As for me, I am skeptical about 1. While I think it's problematic to claim that capitalist production brings about the material basis for communism, I'm not sure that this skepticism entails a technological tabula rasa. I am more convinced by 2. I realize that you will say this is all speculation, that you are not planning communism, and I appreciate the distinction, but I think communists should be wary of any presumed continuity between current production processes and communist society. As for physical technology and artifacts of production, only when a society based on human needs is in existence will the question be properly askable: "is there a use for some of this stuff"?

Beyond this I wouldn't want to say at the moment and, as I said, I wasn't trying to start this argument again, I just found it hard to reconcile Tarwater's statements with the ensuing remarks about communist televisions.

Tarwater's picture
Tarwater
Offline
Joined: 29-12-08
Jan 16 2012 04:39

bzfgt,
I am having trouble understanding what your post means, or whether you are addressing me at all. Maybe you're addressing Rob Ray and just using me as some kind of example. It's hard enough for me to enough to make myself clear without being made to feel inferior because someone's writing style is overwrought. Anyway, I think I'm for #2, if anyone cares.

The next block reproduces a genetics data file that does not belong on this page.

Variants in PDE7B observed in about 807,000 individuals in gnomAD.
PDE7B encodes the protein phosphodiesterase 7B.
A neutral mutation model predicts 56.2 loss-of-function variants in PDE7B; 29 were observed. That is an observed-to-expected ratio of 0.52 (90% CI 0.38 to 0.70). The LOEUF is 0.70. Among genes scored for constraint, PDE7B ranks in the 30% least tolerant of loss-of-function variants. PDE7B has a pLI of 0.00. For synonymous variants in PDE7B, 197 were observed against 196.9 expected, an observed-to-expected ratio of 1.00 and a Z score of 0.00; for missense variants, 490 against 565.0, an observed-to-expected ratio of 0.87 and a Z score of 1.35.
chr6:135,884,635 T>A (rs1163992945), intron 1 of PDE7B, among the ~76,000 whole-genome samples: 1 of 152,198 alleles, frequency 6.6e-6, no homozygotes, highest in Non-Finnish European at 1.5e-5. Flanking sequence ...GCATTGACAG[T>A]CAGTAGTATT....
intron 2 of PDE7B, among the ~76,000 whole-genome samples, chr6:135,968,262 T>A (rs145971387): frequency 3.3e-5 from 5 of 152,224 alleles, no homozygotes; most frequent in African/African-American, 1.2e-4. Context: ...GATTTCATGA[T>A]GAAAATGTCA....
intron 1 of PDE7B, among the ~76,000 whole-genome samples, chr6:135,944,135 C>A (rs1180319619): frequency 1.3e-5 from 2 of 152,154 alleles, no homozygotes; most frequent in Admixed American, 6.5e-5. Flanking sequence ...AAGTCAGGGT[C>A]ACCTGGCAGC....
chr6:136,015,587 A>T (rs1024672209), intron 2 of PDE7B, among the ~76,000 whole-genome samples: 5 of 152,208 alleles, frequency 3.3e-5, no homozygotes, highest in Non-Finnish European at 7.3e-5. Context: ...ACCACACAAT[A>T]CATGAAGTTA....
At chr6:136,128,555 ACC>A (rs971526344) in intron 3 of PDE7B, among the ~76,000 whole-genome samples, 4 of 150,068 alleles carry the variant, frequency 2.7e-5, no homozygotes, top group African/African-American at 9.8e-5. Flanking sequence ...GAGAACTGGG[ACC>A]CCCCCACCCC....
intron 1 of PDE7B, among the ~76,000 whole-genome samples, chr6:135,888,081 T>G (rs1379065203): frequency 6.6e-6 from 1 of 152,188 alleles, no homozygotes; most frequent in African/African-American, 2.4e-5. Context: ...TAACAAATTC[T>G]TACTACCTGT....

nathorange
Offline
Joined: 6-01-12
Jan 17 2012 04:41
Chilli Sauce wrote:
Also, Nath, you have a philosophy degree don't you?

Nope smile
I just like to explore ideas.

nathorange
Offline
Joined: 6-01-12
Jan 17 2012 05:00
Rob Ray wrote:
Nathorange, I'm not interested in engaging with you, so please don't cite me talking to other people in your arguments.

Your gag order has been received. I just want to point out that I've been nothing but civil towards you and others on this thread.

My suggestion to you would be: if you're not interested in engaging with "Primmos" like me, maybe you could perhaps, I don't know, not post on "Primmo" threads (?). Just an idea.